You don’t have to conduct much research to learn that Eleanor Brightbill loves science. She always has.
Shortly after she arrived in Chapel Hill, Eleanor jumped at the opportunity to get involved in undergraduate research. She began working at a neuroscience lab with Professor Donita Robinson, using rats to study how alcohol affects the brain.
A Taylor Fellowship enabled Eleanor to expand her research activities the summer following her sophomore year. She worked full-time as a research assistant at a NC State lab that was collaborating with Professor Robinson. Together, they studied the dopamine system in hopes of better understanding issues such as addiction and depression.
The experience provided Eleanor with significant research responsibilities and opened her eyes to the importance of collaboration between professors and universities. It also reinforced what she always suspected: she wanted to spend her career focused on analytical research.
“At the time, I wasn’t completely sure what I wanted to major in,” Eleanor says. “It solidified for me that I wanted to focus on chemistry.”
At the end of her Taylor Fellowship, Eleanor remained actively involved in undergraduate research. She has spent the past year working in Professor Scott Warren’s lab focused on discovering new 2D materials from naturally occurring minerals and is currently completing a senior honors thesis.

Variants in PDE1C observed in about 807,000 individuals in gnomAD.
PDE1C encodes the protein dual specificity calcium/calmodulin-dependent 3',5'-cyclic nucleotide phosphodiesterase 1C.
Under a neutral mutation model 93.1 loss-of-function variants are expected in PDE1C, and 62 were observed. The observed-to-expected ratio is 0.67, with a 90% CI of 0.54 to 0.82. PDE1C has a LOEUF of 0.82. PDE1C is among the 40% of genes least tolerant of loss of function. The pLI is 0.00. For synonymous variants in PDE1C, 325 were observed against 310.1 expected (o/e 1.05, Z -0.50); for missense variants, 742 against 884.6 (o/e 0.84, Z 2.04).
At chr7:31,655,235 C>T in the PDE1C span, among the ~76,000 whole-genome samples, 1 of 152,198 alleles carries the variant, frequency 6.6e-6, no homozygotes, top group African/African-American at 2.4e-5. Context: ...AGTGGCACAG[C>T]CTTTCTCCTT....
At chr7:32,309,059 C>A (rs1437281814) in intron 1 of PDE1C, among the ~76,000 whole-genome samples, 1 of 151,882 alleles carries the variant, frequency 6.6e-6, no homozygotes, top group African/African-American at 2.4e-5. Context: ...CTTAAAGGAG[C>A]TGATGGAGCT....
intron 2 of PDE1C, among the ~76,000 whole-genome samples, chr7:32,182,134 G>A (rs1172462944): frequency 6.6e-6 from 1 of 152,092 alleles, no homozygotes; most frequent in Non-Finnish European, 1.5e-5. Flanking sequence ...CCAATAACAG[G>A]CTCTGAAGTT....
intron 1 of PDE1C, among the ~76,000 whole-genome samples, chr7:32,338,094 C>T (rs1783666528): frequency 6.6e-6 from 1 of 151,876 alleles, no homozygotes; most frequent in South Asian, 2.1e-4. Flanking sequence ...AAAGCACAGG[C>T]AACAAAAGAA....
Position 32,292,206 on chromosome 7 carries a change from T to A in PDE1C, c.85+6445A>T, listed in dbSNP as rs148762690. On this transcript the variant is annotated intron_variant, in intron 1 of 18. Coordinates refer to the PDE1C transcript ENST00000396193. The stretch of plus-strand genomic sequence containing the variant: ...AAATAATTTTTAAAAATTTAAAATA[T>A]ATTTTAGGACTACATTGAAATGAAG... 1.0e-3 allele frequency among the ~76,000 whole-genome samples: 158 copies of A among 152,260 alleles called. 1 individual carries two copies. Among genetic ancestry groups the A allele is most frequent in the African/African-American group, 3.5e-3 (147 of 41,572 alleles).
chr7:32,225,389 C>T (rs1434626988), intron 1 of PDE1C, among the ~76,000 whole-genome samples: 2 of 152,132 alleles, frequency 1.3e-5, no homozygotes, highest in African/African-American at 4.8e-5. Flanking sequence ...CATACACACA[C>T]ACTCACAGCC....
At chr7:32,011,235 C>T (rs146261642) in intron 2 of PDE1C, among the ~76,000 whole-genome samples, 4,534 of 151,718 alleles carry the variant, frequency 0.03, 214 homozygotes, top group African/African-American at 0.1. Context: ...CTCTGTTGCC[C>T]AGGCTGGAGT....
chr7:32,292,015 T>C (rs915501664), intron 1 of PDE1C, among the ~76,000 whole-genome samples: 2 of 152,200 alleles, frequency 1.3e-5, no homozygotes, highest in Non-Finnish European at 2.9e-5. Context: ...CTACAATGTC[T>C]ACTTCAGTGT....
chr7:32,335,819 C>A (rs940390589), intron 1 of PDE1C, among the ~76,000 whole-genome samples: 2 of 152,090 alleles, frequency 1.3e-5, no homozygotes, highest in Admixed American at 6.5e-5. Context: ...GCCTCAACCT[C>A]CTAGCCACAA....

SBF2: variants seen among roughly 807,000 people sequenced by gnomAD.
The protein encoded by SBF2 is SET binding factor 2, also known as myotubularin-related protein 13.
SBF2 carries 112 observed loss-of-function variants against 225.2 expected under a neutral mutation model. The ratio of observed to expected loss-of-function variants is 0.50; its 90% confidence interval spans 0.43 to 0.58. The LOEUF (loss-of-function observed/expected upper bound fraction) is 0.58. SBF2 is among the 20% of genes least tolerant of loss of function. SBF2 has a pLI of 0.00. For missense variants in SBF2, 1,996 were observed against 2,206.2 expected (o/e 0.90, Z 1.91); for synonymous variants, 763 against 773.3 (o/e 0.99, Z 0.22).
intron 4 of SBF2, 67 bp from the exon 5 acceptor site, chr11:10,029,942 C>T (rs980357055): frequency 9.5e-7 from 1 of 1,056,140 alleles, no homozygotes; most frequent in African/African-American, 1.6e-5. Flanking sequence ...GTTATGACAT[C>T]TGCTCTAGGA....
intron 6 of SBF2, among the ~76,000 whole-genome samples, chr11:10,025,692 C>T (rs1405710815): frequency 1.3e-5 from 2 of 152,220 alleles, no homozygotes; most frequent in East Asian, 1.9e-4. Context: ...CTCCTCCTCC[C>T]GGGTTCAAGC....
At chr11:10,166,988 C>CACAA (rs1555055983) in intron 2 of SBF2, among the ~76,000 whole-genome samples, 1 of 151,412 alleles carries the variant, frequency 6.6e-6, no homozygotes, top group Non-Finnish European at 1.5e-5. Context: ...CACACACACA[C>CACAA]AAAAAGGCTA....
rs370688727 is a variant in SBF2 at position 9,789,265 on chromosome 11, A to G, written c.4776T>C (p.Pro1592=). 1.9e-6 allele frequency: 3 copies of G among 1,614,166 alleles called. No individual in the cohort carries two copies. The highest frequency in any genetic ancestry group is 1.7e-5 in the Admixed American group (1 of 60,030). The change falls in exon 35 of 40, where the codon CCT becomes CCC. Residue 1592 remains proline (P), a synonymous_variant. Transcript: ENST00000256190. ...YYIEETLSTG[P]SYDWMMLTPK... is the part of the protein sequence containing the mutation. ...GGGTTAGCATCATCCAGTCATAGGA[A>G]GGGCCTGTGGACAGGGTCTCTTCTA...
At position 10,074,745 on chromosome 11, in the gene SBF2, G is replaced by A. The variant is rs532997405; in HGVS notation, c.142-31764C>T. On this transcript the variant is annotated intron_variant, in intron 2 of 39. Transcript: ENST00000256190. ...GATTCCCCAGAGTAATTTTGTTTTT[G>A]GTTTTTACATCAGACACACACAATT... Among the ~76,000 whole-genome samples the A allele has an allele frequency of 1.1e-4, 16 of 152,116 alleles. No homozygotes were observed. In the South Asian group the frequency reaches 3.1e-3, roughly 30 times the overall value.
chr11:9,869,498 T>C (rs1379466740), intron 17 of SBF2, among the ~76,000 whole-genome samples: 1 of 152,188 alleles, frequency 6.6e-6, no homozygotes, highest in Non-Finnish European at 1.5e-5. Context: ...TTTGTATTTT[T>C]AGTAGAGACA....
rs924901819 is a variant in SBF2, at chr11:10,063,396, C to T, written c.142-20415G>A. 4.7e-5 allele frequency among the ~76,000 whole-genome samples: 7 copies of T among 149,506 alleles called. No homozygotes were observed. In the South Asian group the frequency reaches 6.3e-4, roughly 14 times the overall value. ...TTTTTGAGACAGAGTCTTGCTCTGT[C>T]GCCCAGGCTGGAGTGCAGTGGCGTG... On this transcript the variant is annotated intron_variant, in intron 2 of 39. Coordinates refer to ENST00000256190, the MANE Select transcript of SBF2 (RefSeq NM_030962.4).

When the senior from Sanford, NC graduates in May, she will enter graduate school and begin her pursuit of a PhD in materials chemistry.
“Get involved in research early on,” she says. “It helped me figure out what I wanted to do and what other opportunities I wanted to check out.”
Eleanor says the breadth of experiences that UNC afforded her were pivotal in helping her figure out what she wanted to do. “College is a great time to explore. Do whatever you find interesting, even if you don’t know where it might lead.”
The UNC Office for Undergraduate Research is an excellent resource to help students identify research opportunities and learn more about the Summer Undergraduate Research Fellowship (SURF) program.
Apply for A Senior Honors Thesis Research Grant
Grants up to $500 are available to offset costs associated with Senior Honors Thesis projects. Learn more.
The Golding Fund for Study of Slavery and the African American Experience provides financial support to promote undergraduate research on slavery and the African American experience from the early 17th through the late 19th centuries.